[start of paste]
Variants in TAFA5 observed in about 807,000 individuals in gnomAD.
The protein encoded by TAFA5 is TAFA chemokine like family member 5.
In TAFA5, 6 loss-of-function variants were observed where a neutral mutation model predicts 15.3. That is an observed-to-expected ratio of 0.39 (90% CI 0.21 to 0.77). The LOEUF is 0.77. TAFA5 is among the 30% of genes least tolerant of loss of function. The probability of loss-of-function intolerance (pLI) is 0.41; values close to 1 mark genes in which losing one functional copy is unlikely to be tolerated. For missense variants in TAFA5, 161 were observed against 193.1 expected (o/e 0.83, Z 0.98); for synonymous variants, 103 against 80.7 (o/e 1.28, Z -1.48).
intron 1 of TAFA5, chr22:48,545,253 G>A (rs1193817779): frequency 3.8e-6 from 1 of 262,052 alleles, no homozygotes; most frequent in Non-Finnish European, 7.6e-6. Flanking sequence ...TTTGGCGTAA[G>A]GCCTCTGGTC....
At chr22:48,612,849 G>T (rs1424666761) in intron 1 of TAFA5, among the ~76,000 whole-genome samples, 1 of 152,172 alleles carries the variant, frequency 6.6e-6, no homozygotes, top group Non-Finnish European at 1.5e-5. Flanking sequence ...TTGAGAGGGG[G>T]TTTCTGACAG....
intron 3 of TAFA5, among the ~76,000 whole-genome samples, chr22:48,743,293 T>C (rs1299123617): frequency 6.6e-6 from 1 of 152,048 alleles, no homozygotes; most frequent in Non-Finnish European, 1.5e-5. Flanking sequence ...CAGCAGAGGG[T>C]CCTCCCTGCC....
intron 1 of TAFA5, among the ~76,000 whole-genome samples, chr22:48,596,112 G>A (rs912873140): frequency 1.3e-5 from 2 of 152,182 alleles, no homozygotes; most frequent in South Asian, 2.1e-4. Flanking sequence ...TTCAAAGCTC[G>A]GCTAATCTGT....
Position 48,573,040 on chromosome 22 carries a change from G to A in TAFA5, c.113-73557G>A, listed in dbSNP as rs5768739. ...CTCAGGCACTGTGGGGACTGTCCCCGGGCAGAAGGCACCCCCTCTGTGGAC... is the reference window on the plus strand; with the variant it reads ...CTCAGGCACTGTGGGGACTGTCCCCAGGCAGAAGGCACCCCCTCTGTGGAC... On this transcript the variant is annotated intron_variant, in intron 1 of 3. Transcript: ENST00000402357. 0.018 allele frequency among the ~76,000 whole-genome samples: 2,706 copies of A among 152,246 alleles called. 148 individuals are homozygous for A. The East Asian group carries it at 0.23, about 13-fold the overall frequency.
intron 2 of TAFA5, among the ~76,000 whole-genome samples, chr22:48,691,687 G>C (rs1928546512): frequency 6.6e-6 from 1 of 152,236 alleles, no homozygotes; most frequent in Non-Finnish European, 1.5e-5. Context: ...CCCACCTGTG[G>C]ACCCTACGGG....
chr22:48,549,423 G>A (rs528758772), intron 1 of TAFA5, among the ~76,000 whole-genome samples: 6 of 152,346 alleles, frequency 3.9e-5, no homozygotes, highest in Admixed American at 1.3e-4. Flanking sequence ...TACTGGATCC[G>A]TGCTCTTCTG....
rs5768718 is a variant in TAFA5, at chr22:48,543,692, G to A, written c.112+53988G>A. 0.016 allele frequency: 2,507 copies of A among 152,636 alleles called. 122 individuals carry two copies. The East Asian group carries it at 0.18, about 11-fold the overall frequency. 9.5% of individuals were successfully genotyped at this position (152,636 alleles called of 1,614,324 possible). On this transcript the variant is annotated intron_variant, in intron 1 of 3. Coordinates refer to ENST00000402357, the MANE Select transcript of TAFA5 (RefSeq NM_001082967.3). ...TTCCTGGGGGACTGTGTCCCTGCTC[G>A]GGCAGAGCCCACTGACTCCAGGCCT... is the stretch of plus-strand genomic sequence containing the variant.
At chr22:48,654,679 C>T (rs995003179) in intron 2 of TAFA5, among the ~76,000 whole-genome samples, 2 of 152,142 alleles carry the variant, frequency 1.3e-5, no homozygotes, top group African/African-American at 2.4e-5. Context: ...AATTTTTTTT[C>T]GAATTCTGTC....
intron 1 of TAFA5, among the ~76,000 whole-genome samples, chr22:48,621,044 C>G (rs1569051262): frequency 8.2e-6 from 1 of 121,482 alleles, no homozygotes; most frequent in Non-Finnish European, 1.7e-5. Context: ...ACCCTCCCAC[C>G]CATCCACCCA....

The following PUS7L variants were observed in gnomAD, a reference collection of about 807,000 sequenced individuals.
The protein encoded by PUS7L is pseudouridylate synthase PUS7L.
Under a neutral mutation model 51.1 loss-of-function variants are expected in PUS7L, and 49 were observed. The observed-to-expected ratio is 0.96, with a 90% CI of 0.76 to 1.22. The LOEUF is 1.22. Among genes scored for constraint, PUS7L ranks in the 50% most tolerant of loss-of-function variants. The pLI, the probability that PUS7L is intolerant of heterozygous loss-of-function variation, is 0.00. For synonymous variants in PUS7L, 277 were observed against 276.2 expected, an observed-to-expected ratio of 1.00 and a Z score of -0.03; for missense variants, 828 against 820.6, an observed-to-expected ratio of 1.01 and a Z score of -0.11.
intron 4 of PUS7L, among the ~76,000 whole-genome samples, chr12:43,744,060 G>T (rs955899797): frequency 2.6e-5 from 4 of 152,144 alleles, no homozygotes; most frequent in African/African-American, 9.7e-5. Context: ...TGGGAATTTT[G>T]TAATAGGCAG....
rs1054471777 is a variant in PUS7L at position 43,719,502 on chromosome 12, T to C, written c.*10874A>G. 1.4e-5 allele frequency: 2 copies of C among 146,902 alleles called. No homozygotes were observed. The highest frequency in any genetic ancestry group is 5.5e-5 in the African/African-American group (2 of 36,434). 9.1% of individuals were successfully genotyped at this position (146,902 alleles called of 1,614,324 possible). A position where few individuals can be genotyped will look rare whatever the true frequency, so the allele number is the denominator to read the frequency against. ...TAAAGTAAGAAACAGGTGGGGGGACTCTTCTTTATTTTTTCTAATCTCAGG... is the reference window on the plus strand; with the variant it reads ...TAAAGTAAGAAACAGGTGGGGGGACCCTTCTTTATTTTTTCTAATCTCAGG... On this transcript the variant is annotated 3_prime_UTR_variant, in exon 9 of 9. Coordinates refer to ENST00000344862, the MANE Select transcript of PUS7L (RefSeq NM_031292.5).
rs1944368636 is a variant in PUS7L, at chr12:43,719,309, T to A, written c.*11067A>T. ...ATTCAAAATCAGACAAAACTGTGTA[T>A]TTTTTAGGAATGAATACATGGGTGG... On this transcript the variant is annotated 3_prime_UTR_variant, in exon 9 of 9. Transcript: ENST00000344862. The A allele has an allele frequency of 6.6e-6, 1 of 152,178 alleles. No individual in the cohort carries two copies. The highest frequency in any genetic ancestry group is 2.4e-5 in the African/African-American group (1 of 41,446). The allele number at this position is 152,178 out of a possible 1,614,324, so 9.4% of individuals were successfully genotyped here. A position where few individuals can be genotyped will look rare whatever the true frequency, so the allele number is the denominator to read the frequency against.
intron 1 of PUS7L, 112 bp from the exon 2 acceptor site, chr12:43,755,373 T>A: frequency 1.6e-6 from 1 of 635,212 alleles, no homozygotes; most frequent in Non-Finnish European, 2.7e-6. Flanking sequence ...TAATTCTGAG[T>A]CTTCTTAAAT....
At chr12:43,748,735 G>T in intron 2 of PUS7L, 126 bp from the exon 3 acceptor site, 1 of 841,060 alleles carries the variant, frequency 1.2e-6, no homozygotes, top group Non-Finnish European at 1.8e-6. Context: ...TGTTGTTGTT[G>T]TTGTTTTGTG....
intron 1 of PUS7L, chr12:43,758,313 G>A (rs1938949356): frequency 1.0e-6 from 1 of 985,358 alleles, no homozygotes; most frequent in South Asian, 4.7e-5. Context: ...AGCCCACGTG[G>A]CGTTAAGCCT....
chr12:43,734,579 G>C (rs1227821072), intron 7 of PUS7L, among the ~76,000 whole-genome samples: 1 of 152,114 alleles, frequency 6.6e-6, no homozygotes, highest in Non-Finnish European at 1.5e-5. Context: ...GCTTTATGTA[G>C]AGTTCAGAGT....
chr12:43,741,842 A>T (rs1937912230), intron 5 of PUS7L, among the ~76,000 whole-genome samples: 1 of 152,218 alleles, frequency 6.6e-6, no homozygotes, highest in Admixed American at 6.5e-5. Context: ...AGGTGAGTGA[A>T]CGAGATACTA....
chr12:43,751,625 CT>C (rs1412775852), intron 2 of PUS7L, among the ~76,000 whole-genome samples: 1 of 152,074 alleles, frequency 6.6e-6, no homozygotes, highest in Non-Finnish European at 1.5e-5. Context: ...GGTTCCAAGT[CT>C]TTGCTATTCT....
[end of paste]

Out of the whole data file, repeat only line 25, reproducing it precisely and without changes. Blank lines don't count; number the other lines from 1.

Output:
chr12:43,751,625 CT>C (rs1412775852), intron 2 of PUS7L, among the ~76,000 whole-genome samples: 1 of 152,074 alleles, frequency 6.6e-6, no homozygotes, highest in Non-Finnish European at 1.5e-5. Context: ...GGTTCCAAGT[CT>C]TTGCTATTCT....